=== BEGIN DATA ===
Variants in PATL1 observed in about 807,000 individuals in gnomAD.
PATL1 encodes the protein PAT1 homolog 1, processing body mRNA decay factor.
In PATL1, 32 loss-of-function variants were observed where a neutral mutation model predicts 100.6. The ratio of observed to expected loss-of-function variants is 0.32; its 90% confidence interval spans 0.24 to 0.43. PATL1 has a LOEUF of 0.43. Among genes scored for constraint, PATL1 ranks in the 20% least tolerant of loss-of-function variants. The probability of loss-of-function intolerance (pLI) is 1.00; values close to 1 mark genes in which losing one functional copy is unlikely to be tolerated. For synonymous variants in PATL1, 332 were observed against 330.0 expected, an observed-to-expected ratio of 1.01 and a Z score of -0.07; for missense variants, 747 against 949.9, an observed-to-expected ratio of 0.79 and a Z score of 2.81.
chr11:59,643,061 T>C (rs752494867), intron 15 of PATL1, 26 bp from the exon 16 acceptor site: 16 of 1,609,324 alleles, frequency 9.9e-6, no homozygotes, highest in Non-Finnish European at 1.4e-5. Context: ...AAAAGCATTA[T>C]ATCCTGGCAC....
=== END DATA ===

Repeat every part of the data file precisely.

Variants in PATL1 observed in about 807,000 individuals in gnomAD.
PATL1 encodes the protein PAT1 homolog 1, processing body mRNA decay factor.
In PATL1, 32 loss-of-function variants were observed where a neutral mutation model predicts 100.6. The ratio of observed to expected loss-of-function variants is 0.32; its 90% confidence interval spans 0.24 to 0.43. PATL1 has a LOEUF of 0.43. Among genes scored for constraint, PATL1 ranks in the 20% least tolerant of loss-of-function variants. The probability of loss-of-function intolerance (pLI) is 1.00; values close to 1 mark genes in which losing one functional copy is unlikely to be tolerated. For synonymous variants in PATL1, 332 were observed against 330.0 expected, an observed-to-expected ratio of 1.01 and a Z score of -0.07; for missense variants, 747 against 949.9, an observed-to-expected ratio of 0.79 and a Z score of 2.81.
chr11:59,643,061 T>C (rs752494867), intron 15 of PATL1, 26 bp from the exon 16 acceptor site: 16 of 1,609,324 alleles, frequency 9.9e-6, no homozygotes, highest in Non-Finnish European at 1.4e-5. Context: ...AAAAGCATTA[T>C]ATCCTGGCAC....